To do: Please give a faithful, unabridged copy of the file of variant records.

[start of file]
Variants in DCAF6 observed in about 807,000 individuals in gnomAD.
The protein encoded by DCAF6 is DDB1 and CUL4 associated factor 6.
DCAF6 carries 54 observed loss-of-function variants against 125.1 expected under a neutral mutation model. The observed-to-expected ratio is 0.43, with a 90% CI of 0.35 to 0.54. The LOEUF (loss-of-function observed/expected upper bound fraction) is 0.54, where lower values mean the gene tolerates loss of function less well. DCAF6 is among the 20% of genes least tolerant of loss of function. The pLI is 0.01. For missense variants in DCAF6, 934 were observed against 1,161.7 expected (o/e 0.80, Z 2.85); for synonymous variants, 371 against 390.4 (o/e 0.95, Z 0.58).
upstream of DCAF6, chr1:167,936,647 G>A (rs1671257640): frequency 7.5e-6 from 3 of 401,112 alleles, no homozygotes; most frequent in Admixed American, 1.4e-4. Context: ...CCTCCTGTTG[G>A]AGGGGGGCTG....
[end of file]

Variants in DCAF6 observed in about 807,000 individuals in gnomAD.
The protein encoded by DCAF6 is DDB1 and CUL4 associated factor 6.
DCAF6 carries 54 observed loss-of-function variants against 125.1 expected under a neutral mutation model. The observed-to-expected ratio is 0.43, with a 90% CI of 0.35 to 0.54. The LOEUF (loss-of-function observed/expected upper bound fraction) is 0.54, where lower values mean the gene tolerates loss of function less well. DCAF6 is among the 20% of genes least tolerant of loss of function. The pLI is 0.01. For missense variants in DCAF6, 934 were observed against 1,161.7 expected (o/e 0.80, Z 2.85); for synonymous variants, 371 against 390.4 (o/e 0.95, Z 0.58).
upstream of DCAF6, chr1:167,936,647 G>A (rs1671257640): frequency 7.5e-6 from 3 of 401,112 alleles, no homozygotes; most frequent in Admixed American, 1.4e-4. Context: ...CCTCCTGTTG[G>A]AGGGGGGCTG....